The impact of malpractice reforms on the supply of physician services
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The Impact of Malpractice Reforms on the Supply of Physician Services. David Becker, UC-Berkeley Daniel Kessler, Stanford GSB William Sage, Columbia Law School. Outline. Introduction Models Data Results Discussion. Introduction.

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The Impact of Malpractice Reforms on the Supply of Physician Services

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The Impact of Malpractice Reforms on the Supply of Physician Services

David Becker, UC-Berkeley

Daniel Kessler, Stanford GSBWilliam Sage, Columbia Law School


  • Introduction

  • Models

  • Data

  • Results

  • Discussion


  • “Positive” defensive medicine involves the use of tests or procedures with little expected medical benefit in effort to avoid malpractice claims.

  • “Negative” defensive medicine involves declining to supply care that has expected medical benefit in order to avoid malpractice.


  • In this paper we focus on a particularly important form of “negative” defensive medicine – the physician supply decision.

  • We estimate the effects of “direct” and “indirect” reforms in state malpractice tort law on the supply of physicians at the state level from 1985 to 1995

    • “Direct” reforms include caps on damage awards, abolition of punitive damages, abolition of mandatory prejudgment interest and collateral-source rule reforms.

    • “Indirect” reforms include caps on attorneys contingency fees, mandatory periodic payment of future damages awards, joint-and-several liability reforms, and patient compensation funds.


  • We model the number of active physicians in state s in year t (Nst) as a function of:

    • State- and year-fixed effects (αsand θt)

    • Population of state s in year t (Pst)

    • Legal political characteristics of state s in year t (e.g political parties of state’s governor and legislature, Wst)

    • Whether or not managed care enrollment in state s in year t was above the median level (Mst)

    • The presence of “direct” and “indirect” malpractice reforms (from a maximum-liability regime) in state s in year t which occurred between 1986 and 1995 (L1st and L2st, with Lst=[L1st | L2st]

Models: Other Specifications

  • In addition to looking at the total number of active physicians, we also examine:

    • Subpopulations particularly prone to malpractice pressure:

      • Non-group practice physicians.

      • Physicians in specialties with highest malpractice premiums: anesthesiology, OB/GYN, radiology, emergency medicine, surgery and radiology.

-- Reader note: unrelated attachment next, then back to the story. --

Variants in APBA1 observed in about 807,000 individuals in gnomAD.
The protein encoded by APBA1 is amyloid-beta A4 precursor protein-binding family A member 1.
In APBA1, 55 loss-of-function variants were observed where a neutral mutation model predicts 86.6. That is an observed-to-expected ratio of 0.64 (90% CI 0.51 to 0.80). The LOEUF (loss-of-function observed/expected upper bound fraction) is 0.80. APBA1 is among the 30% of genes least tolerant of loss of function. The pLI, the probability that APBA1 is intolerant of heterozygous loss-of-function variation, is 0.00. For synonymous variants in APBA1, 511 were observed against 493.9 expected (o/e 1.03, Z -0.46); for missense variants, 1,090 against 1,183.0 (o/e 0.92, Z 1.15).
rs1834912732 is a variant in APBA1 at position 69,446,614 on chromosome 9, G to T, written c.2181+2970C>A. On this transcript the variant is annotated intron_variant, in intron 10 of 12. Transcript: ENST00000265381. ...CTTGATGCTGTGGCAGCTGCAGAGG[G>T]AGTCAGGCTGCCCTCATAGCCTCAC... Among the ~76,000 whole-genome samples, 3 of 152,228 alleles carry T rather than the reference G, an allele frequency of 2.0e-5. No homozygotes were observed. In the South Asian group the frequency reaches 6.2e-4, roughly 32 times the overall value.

• Short-run and long-run effects of tort reform.

    • Effects of reforms in high- versus low-managed care states.

    • Decomposition of net effect of reform into entry/retirement and moves.


  • AMA Physician Masterfile provides counts of physicians involved in direct patient care. Provides state of residence, years of experience, specialty and employment type.

  • Data on state malpractice laws and legal/political and other health care market characteristics comes from earlier work by Kessler and McClellan (Journal of Public Economics, 2002)

  • State-level HMO penetration data comes from Interstudy.


Key Findings

  • In regression models, physician supply rose by 2-3% more in states which adopted direct liability reforms during our study period.

  • Effect of direct reforms is greater (3-4%) amongst non-group practice physicians.

  • Reforms have a larger effect on physician supply three or more years after their adoption than two years or fewer after adoption.

  • Positive effects of direct reforms are greater in high- versus low-managed care states.

  • Direct reforms have a greater effect on entry and retirement decisions than on the movement of physicians between states.


  • We do not assess the impact of reforms on costs of care or on health outcomes

    • If physicians induce demand for their own services beyond point of medically necessity, reform induced increases in physician supply may be socially harmful.

    • However, if competition among health care providers leads to lower prices and higher quality, than tort reform induced expansions in physician supply may be welfare enhancing.

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